Revealed: Saudi’s MBS pushed Russia to intervene in Syria conflict, despite supporting opposition

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Saudi Crown Prince Muhammed Bin Salman reportedly encouraged Russian President Vladimir Putin to militarily intervene in the Syrian conflict, official documents related to a former Saudi intelligence chief have claimed.

According to the lawsuit filed to US courts by former Saudi intelligence chief Saad Al-Jabri against the crown prince, Al-Jabri participated in two official meetings with the former CIA Director John Brennan in 2015.

In one of those meetings around the month of July, the pair discussed Bin Salman’s recent communication with Putin and Brennan, raising concerns of his alleged encouragement of Russia to intervene in Syria. When Al-Jabri reported back and relayed Brennan’s message to the crown prince, he reportedly “responded with fury” at the topic.

By the following month, Al-Jabri and Brennan held another meeting in which the CIA director told him that the agency could not afford to lose him after he resigned in protest against Saudi’s intervention in Yemen that year.

In September, Russia began its military manoeuvres into Syria in support of President Bashar Al-Assad’s regime.

READ: Pointless presidents, corrupt kings and playboy princes

The ground-breaking revelation was detailed in the same lawsuit in which it was revealed that the crown prince had sent a Saudi hit team to Canada, where Al-Jabri lives in exile, in order to assassinate him. The hit team, made up of Bin Salman’s personal group of Saudi mercenaries, named the ‘Tiger Squad’, were detected and intercepted by airport border security while trying to enter the Canadian city of Toronto in mid-October 2018.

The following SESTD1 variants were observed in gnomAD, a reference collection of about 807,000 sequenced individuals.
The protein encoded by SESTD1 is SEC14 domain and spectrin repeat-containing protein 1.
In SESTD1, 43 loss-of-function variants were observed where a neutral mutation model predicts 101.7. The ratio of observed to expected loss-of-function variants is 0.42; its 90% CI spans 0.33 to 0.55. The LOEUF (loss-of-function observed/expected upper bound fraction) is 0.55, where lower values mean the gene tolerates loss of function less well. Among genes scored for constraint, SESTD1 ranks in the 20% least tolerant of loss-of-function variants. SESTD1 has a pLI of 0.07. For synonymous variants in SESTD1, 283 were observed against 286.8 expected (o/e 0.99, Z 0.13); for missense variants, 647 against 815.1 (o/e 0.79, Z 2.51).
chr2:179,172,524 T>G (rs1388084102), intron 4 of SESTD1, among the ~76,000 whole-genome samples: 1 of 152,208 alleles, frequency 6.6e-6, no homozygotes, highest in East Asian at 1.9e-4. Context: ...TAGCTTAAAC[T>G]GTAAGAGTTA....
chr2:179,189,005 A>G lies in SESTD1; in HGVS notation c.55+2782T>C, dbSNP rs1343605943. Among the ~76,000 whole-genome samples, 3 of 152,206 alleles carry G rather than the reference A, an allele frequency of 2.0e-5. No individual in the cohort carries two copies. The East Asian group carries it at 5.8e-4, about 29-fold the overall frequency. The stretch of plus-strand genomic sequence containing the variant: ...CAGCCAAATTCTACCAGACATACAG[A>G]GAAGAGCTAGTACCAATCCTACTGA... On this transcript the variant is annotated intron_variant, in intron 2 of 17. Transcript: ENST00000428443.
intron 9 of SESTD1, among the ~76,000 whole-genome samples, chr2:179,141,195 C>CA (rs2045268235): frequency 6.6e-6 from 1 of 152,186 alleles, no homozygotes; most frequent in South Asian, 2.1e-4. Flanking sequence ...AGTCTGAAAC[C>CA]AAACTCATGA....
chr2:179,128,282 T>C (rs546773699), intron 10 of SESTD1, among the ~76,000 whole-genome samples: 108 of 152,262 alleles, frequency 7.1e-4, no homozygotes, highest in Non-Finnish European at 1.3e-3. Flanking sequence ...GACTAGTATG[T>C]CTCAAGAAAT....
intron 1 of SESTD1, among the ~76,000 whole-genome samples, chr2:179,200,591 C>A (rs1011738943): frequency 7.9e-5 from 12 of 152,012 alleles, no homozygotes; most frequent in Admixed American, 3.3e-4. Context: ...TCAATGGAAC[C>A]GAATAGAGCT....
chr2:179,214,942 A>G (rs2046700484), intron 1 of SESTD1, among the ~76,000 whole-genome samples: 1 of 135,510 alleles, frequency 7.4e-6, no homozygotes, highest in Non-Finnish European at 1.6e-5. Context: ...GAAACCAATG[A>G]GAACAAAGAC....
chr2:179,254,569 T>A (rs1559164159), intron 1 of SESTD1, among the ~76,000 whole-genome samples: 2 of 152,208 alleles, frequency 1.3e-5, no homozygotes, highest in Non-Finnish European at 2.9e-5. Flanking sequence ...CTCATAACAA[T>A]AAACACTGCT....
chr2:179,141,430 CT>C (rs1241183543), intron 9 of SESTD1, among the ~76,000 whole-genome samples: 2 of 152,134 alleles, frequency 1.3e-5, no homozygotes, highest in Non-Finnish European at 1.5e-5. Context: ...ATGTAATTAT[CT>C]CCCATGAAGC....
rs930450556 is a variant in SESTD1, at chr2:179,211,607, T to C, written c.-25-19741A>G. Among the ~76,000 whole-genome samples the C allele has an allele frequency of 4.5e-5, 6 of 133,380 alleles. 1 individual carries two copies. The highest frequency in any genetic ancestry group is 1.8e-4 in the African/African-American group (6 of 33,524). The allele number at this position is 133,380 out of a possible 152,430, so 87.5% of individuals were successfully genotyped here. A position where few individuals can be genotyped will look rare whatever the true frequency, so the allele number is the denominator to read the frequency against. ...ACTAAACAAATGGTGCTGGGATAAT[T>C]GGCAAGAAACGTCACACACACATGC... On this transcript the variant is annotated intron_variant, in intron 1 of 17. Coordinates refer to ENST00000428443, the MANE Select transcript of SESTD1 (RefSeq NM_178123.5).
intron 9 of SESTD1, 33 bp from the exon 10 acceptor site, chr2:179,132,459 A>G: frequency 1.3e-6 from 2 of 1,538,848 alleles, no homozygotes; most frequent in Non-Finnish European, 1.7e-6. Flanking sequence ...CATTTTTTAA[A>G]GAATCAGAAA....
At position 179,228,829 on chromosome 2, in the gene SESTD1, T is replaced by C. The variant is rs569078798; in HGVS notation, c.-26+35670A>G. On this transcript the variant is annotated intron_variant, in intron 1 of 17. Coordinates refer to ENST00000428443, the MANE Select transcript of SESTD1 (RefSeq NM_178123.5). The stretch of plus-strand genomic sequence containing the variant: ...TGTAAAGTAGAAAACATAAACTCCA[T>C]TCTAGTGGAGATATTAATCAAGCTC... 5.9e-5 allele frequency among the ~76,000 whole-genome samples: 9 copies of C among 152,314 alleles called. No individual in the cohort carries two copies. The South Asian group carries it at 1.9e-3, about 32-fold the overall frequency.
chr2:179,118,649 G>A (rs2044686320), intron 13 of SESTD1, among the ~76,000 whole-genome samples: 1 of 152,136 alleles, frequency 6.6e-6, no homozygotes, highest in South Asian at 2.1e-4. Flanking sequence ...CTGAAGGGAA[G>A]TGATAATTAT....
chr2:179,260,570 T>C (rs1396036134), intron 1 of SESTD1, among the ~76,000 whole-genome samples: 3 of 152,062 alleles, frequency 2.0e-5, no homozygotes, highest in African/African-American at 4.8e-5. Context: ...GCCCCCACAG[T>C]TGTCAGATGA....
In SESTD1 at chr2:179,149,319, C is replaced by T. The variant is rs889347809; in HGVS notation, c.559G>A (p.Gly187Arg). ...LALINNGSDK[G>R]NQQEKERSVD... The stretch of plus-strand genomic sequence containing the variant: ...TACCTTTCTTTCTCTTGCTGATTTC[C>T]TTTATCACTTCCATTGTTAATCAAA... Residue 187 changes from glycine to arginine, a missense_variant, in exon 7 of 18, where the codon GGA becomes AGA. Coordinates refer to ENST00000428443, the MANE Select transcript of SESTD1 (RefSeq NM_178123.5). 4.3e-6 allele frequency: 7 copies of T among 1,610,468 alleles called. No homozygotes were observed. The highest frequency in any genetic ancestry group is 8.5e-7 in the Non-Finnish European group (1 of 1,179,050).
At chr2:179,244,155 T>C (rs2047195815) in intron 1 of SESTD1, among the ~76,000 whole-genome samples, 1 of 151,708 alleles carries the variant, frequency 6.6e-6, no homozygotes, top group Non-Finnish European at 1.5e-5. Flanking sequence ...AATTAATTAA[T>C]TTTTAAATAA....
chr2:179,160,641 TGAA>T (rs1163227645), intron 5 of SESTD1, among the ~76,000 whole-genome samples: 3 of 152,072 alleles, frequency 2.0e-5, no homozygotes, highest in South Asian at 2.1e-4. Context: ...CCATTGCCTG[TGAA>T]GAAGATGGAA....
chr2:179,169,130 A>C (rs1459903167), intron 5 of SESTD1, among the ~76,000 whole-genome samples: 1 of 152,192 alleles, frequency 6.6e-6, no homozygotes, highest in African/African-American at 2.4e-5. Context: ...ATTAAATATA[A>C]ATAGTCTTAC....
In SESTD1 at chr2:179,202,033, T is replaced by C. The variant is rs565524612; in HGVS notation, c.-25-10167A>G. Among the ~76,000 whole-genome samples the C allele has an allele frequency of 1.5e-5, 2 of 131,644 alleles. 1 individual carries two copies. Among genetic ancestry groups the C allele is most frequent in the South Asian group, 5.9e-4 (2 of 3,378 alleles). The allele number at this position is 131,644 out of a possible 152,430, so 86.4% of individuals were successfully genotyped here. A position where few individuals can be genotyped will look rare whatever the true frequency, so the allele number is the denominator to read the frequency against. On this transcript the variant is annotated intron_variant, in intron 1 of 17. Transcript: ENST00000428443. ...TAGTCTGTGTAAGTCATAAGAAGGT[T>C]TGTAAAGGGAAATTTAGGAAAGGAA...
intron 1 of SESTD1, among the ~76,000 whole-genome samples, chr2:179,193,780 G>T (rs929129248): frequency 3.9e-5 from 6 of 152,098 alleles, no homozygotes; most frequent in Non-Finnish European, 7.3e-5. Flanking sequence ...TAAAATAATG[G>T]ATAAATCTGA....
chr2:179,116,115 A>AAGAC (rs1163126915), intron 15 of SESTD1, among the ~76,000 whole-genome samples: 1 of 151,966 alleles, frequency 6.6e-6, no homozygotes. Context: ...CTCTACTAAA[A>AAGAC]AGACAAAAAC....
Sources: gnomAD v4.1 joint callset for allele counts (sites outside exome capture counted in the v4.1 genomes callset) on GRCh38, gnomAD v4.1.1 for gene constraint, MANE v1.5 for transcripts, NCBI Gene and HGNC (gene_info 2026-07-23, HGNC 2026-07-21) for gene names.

That attempted mission was hardly two weeks after the exiled Saudi journalist Jamal Khashoggi was assassinated by Saudi agents in the kingdom’s consulate in Istanbul on 2 October 2018, which drew international outrage and left Saudi Arabia and its crown prince in the spotlight.

Crown Prince Mohammed Bin Salman’s reported encouragement of Russia’s ongoing military intervention in the Syrian conflict in 2015 marks a prominent turn in the kingdom’s foreign policy initiative within the war-torn country, in which it first supported some of the Syrian opposition groups. That change coincides, however, with the crown prince and his father King Salman’s rise to power following the death of former King Abdullah, after which the Gulf nation took an outwardly neutral stance towards the conflict.

READ: Saudi Arabia: the new Kingdom of secular morals and Israeli tactics

Middle East Monitor

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